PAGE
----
When astronomers peer deep into space, they are effectively looking back in time to a period much earlier in the universe's history. That is because light from these regions takes so long to reach us.
Now, an international team of researchers has made unprecedented observations of two small, newborn galaxies which appear as they existed 800 million years after the Big Bang.
For the first time, astronomers have been able to detect the internal 'whirlpool'-like motion of gases in galaxies at this early stage in the universe's history.
They made the findings using the Atacama Large Millimeter/submillimetre Array (Alma) in Chile. Their results have been published in the journal Nature.
"Until Alma, we've never been able to see the formation of galaxies in such detail and we've never been able to measure the movement of gas in galaxies so early in the universe's history," said co-author Stefano Carniani of the University of Cambridge.
Using infrared light data collected by Alma, the astronomers analysed the special 'spectral fingerprint' of the galaxies to identify the motion inside them.
"These kinds of measurements have typically only been done on galaxies that we see about three billion years after the Big Bang - a completely different epoch of time," Renske Smit, also from Cambridge, told IBTimes UK.
"This will make it possible in coming years to study the physical processes that form the first galaxies in a whole new way."
The researchers were also surprised to discover that the two newborn galaxies they observed were not as chaotic as expected.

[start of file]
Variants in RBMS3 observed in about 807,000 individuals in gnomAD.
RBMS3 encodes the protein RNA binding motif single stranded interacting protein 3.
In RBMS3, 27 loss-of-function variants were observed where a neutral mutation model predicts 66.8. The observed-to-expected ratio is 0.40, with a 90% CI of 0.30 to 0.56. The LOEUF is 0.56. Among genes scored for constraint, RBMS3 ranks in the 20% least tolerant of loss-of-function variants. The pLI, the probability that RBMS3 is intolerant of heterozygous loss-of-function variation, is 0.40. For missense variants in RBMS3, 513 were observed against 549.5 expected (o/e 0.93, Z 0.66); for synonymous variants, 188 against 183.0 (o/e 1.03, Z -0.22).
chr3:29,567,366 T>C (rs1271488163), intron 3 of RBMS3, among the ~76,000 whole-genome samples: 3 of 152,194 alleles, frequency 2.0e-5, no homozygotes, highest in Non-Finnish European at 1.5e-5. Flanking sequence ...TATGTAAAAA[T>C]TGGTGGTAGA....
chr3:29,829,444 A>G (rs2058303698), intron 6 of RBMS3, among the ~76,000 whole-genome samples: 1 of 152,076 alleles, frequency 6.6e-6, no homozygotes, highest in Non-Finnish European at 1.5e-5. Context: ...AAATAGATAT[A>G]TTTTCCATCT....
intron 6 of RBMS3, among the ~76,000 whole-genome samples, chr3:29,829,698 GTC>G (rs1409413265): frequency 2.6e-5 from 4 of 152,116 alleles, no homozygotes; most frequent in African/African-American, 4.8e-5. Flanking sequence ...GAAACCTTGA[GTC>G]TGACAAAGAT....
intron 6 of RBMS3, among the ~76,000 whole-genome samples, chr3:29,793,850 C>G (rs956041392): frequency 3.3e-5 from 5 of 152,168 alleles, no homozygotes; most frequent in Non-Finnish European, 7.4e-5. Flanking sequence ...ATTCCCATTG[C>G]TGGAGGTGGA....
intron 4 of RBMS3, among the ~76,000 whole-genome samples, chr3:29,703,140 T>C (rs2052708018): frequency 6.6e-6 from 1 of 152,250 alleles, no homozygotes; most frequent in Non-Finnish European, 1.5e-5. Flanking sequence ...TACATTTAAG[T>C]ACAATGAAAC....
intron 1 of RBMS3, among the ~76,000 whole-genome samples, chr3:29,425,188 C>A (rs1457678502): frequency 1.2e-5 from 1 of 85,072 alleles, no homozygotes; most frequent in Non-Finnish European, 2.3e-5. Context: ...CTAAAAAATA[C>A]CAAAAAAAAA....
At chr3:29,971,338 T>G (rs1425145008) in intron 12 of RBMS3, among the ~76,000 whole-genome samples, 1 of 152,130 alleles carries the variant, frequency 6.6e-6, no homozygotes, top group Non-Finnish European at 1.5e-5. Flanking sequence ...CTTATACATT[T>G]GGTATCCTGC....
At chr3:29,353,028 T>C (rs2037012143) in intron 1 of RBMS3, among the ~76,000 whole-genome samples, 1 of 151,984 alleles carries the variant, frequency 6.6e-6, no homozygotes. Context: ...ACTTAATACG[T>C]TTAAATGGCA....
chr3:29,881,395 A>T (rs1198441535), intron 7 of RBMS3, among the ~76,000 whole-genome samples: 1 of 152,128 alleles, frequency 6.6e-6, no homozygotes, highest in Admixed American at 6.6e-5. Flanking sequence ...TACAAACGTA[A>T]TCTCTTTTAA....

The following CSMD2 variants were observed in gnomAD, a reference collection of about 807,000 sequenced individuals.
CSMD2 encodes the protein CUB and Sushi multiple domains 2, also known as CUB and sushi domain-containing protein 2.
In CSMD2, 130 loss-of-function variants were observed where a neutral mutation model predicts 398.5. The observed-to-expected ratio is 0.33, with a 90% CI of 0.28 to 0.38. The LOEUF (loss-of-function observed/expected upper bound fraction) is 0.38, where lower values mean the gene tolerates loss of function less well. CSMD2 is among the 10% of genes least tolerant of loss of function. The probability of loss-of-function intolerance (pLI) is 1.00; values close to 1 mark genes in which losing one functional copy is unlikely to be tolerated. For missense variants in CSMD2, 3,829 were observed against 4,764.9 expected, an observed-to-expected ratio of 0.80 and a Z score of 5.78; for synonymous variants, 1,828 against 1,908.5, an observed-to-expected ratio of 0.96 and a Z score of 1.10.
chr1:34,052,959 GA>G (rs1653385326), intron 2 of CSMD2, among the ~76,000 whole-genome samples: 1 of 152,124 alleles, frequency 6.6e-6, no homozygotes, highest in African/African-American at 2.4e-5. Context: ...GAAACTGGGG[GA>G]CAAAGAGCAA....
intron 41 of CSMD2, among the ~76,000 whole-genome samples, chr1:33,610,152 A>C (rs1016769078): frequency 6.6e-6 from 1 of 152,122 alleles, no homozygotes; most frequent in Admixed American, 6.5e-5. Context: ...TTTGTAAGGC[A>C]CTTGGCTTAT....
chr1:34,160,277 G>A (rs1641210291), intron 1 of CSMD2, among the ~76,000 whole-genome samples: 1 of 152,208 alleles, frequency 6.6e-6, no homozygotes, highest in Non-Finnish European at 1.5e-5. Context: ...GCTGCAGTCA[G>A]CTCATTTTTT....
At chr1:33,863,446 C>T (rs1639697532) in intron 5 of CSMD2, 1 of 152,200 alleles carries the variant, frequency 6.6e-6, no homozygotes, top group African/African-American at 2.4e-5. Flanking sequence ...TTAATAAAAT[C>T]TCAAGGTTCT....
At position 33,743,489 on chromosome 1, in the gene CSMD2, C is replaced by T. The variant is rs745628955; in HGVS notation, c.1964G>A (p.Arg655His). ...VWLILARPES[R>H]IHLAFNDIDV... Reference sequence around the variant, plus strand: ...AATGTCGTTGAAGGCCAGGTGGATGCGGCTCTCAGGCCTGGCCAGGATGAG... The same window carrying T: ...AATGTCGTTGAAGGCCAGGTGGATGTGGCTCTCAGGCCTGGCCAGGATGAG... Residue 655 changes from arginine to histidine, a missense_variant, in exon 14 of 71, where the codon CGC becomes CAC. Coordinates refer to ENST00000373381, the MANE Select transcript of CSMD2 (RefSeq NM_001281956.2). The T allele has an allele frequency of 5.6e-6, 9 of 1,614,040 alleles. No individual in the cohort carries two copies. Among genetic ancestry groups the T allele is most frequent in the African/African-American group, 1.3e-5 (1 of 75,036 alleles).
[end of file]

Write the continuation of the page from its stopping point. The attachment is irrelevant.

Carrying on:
According to Smit, at this stage in the universe's evolution, gravity caused gases to flow rapidly into galaxies, essentially stirring them up and causing the formation of lots of new stars – many of which exploded violently.
So when the researchers discovered the newborn galaxies it was thought that they would be messy and disordered. They found, however, that the new galaxies were relatively well-regulated and more similar to our own galaxy than expected.
Billions of years to evolve
"These galaxies have had much less time to evolve and grow because we see them at 6% of the current age of the universe while our own Milky Way has had billions of years more time to evolve," Smit said.
"They are also about five times smaller and 10 times less massive than the Milky Way.
"However, the fact that we see rotation in the gas of these galaxies suggests that they are already much more similar to the Milky Way than we would have expected. So potentially some of the earliest galaxies, like the ones we have seen in this study, evolve very rapidly immediately after they are born."
It is difficult to make observations of the early universe because during this period it was filled with a 'haze' of hydrogen gas which obscures the view of optical telescopes.